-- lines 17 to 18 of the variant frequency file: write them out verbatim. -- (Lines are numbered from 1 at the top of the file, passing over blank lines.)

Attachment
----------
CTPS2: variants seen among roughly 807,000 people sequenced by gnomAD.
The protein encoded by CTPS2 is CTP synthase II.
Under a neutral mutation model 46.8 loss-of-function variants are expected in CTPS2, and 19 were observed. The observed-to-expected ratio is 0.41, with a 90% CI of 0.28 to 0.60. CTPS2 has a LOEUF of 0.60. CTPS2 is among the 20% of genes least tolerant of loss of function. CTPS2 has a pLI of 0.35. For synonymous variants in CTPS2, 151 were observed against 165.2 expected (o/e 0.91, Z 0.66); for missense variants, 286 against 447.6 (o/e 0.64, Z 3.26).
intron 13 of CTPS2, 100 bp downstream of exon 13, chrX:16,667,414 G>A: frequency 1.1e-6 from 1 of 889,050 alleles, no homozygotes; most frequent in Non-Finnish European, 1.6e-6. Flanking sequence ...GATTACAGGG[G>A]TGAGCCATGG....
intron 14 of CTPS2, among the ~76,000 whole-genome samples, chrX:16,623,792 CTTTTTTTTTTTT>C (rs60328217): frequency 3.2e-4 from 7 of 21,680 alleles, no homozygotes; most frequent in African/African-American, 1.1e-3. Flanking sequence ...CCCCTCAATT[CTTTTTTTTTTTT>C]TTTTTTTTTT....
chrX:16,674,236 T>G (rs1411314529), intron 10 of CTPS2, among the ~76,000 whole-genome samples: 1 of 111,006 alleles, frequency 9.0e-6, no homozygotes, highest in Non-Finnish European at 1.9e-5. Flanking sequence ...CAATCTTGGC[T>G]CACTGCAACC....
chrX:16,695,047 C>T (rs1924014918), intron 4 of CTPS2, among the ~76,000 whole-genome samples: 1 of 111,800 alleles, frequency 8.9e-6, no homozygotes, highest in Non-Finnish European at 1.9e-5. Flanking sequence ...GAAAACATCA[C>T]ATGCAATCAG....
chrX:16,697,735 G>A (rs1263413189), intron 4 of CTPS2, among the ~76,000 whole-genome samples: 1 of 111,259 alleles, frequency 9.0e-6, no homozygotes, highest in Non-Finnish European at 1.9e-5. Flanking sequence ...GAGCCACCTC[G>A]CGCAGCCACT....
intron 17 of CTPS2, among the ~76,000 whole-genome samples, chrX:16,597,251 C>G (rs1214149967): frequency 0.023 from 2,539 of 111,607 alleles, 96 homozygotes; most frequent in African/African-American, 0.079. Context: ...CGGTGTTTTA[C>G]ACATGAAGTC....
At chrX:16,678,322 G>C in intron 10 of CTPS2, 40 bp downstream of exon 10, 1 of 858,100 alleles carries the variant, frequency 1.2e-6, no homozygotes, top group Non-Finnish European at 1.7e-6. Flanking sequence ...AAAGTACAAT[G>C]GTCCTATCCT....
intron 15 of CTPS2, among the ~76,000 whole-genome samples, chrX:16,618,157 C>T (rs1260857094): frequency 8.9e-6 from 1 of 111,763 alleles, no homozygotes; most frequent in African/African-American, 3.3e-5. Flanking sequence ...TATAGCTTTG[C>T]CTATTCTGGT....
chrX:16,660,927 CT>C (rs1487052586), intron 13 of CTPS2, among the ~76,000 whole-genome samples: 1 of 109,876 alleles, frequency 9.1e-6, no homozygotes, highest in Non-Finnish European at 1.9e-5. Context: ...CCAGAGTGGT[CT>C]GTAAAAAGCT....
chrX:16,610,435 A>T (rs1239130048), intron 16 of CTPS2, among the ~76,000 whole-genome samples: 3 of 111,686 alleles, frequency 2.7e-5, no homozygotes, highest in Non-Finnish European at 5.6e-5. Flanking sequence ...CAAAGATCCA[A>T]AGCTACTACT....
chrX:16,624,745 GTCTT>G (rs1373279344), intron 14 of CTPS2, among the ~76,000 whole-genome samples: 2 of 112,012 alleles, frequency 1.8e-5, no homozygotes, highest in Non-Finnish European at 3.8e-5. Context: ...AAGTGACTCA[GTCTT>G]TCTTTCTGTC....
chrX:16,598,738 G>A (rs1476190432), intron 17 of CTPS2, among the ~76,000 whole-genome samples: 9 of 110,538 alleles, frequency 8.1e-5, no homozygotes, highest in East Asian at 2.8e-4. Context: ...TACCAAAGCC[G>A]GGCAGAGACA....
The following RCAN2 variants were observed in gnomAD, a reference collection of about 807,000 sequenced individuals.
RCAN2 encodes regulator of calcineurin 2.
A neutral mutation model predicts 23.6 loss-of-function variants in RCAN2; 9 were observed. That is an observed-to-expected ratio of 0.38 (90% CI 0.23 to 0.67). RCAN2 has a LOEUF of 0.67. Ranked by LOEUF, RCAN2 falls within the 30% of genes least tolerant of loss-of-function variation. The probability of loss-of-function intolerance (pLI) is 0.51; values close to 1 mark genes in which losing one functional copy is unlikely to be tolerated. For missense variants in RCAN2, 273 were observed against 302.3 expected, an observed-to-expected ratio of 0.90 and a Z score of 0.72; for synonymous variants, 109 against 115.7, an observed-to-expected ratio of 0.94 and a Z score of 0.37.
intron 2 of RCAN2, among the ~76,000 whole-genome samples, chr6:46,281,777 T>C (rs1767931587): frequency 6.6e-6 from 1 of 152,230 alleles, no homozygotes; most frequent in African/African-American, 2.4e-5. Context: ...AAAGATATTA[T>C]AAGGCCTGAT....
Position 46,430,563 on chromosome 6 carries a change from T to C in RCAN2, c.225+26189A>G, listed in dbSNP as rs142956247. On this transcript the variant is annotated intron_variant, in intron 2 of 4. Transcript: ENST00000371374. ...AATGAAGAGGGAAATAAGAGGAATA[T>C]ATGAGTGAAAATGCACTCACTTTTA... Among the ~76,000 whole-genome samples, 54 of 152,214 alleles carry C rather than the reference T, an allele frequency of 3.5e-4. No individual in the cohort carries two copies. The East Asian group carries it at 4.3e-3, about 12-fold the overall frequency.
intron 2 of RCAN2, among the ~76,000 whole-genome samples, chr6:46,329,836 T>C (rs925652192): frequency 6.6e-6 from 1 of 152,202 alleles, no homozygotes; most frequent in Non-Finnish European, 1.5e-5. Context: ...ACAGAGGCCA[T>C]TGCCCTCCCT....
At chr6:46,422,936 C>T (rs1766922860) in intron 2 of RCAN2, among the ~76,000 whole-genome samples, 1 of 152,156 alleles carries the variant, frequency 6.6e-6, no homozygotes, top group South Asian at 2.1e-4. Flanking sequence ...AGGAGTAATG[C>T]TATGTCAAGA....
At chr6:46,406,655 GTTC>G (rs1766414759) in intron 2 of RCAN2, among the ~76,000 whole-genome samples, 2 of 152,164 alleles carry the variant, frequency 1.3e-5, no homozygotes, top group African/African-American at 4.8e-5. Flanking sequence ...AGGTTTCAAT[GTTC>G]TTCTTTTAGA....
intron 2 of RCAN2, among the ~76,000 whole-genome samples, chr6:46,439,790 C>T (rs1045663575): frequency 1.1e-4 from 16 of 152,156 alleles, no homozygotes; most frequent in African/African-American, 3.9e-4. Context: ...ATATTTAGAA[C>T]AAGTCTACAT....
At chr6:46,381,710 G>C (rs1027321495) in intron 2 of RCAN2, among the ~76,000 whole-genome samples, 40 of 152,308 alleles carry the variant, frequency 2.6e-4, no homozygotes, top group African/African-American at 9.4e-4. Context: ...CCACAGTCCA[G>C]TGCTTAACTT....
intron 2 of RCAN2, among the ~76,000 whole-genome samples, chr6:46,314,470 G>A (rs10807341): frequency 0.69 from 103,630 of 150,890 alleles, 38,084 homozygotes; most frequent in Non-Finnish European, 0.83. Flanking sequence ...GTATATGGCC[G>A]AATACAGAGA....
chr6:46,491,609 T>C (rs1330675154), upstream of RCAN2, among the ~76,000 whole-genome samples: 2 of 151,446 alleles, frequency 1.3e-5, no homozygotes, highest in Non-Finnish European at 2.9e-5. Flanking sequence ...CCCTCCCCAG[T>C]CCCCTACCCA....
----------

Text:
RCAN2 encodes regulator of calcineurin 2.
A neutral mutation model predicts 23.6 loss-of-function variants in RCAN2; 9 were observed. That is an observed-to-expected ratio of 0.38 (90% CI 0.23 to 0.67). RCAN2 has a LOEUF of 0.67. Ranked by LOEUF, RCAN2 falls within the 30% of genes least tolerant of loss-of-function variation. The probability of loss-of-function intolerance (pLI) is 0.51; values close to 1 mark genes in which losing one functional copy is unlikely to be tolerated. For missense variants in RCAN2, 273 were observed against 302.3 expected, an observed-to-expected ratio of 0.90 and a Z score of 0.72; for synonymous variants, 109 against 115.7, an observed-to-expected ratio of 0.94 and a Z score of 0.37.